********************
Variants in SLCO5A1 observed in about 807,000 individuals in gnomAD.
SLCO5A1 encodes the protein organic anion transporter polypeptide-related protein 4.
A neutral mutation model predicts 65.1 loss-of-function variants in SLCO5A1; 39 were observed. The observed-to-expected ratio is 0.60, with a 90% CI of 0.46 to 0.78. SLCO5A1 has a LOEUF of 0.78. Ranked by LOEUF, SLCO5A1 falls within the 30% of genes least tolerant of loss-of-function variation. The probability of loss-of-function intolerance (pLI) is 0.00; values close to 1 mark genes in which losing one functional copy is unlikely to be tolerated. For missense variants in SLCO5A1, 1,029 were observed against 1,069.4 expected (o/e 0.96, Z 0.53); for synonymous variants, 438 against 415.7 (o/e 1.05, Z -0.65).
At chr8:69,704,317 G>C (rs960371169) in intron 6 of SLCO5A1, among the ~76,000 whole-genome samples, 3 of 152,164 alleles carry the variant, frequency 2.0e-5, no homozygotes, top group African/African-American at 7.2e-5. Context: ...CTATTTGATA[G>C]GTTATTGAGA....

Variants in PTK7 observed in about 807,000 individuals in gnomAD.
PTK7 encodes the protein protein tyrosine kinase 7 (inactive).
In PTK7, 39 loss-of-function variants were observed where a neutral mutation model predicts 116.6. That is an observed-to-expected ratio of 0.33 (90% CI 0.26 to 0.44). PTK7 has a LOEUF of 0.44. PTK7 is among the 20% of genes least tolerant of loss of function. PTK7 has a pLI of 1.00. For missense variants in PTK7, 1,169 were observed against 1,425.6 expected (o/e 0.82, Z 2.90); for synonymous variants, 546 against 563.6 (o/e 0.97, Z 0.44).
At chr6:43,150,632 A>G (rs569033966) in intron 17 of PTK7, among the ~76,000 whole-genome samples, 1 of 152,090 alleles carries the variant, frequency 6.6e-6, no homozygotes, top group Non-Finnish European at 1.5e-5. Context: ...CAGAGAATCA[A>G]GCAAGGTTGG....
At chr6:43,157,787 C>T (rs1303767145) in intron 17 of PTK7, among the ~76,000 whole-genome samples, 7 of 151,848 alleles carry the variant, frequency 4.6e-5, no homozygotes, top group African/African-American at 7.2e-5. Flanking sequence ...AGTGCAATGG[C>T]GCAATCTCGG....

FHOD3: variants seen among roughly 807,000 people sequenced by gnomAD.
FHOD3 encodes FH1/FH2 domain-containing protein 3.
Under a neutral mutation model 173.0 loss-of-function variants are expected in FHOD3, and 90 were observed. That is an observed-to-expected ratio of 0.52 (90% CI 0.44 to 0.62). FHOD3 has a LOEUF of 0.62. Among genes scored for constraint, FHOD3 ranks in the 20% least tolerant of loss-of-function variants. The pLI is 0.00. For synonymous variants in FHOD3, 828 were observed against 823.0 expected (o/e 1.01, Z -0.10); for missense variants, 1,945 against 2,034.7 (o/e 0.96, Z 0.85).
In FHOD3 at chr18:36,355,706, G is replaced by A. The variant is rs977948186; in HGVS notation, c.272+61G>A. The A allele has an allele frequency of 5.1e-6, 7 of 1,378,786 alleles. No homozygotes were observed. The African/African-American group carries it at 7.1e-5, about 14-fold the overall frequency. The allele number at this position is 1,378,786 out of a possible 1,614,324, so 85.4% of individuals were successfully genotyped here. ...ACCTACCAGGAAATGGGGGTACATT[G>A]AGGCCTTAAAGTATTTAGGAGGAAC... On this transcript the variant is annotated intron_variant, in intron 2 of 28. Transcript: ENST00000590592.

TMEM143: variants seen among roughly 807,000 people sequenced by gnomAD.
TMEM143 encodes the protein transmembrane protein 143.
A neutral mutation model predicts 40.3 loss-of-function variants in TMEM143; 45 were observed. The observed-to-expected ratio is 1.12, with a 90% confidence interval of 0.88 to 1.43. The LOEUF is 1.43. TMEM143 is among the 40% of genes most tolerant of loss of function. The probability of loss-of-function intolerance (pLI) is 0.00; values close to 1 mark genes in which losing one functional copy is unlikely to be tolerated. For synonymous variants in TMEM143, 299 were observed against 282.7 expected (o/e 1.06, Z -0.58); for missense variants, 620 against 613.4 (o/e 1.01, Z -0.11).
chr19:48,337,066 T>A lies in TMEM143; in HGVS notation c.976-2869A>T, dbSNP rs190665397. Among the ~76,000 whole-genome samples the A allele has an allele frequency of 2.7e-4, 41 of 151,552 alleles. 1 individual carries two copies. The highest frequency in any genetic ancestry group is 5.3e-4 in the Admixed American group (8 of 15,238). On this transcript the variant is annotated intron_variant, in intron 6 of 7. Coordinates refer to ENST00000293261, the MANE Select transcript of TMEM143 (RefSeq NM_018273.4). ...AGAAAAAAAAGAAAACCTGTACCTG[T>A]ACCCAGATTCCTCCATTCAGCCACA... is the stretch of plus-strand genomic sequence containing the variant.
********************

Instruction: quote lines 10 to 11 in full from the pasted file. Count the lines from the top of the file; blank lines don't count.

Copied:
FHOD3: variants seen among roughly 807,000 people sequenced by gnomAD.
FHOD3 encodes FH1/FH2 domain-containing protein 3.